AP (Apr. 22, 2014) Defense Secretary Chuck Hagel is given hands-on demonstrations Tuesday of some of the newest research from DARPA _ the military's Defense Advanced Research Projects Agency program. (April 22) Video provided by AP
Powered by NewsLook.com
How Smaller Plates And Cutlery Could Make You Feel Fuller

How Smaller Plates And Cutlery Could Make You Feel Fuller

Newsy (Apr. 22, 2014) NBC's "Today" conducted an experiment to see if changing the size of plates and utensils affects the amount individuals eat. Video provided by Newsy
Powered by NewsLook.com

Search ScienceDaily

Number of stories in archives: 140,361

Find with keyword(s):
Enter a keyword or phrase to search ScienceDaily for related topics and research stories.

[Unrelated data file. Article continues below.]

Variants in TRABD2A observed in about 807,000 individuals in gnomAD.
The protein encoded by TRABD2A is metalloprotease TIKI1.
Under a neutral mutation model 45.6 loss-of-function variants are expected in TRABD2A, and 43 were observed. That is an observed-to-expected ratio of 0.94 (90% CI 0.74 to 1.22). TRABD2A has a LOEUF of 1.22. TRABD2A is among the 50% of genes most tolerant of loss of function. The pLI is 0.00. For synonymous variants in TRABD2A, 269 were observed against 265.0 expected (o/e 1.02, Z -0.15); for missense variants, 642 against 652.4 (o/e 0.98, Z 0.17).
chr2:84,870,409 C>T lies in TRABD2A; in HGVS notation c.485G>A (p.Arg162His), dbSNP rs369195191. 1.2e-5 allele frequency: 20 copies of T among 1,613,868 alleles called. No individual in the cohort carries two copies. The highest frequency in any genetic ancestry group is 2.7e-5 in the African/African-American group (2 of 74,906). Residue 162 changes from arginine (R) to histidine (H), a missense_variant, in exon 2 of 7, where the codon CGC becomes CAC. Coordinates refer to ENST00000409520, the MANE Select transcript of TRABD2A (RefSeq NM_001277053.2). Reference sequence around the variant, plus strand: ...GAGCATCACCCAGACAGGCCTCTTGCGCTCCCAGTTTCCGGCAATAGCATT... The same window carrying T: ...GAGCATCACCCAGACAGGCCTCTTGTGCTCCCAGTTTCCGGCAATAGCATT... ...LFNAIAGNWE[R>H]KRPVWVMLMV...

Save/Print:
Share:

Breaking News:
from the past week

In Other News

... from NewsDaily.com

Science News

Health News

Environment News

Technology News



Save/Print:
Share:

Free Subscriptions


Get the latest science news with ScienceDaily's free email newsletters, updated daily and weekly. Or view hourly updated newsfeeds in your RSS reader:

Get Social & Mobile


Keep up to date with the latest news from ScienceDaily via social networks and mobile apps:

Have Feedback?


Tell us what you think of ScienceDaily -- we welcome both positive and negative comments. Have any problems using the site? Questions?
Mobile: iPhone Android Web
Follow: Facebook Twitter Google+
Subscribe: RSS Feeds Email Newsletters
Latest Headlines Health & Medicine Mind & Brain Space & Time Matter & Energy Computers & Math Plants & Animals Earth & Climate Fossils & Ruins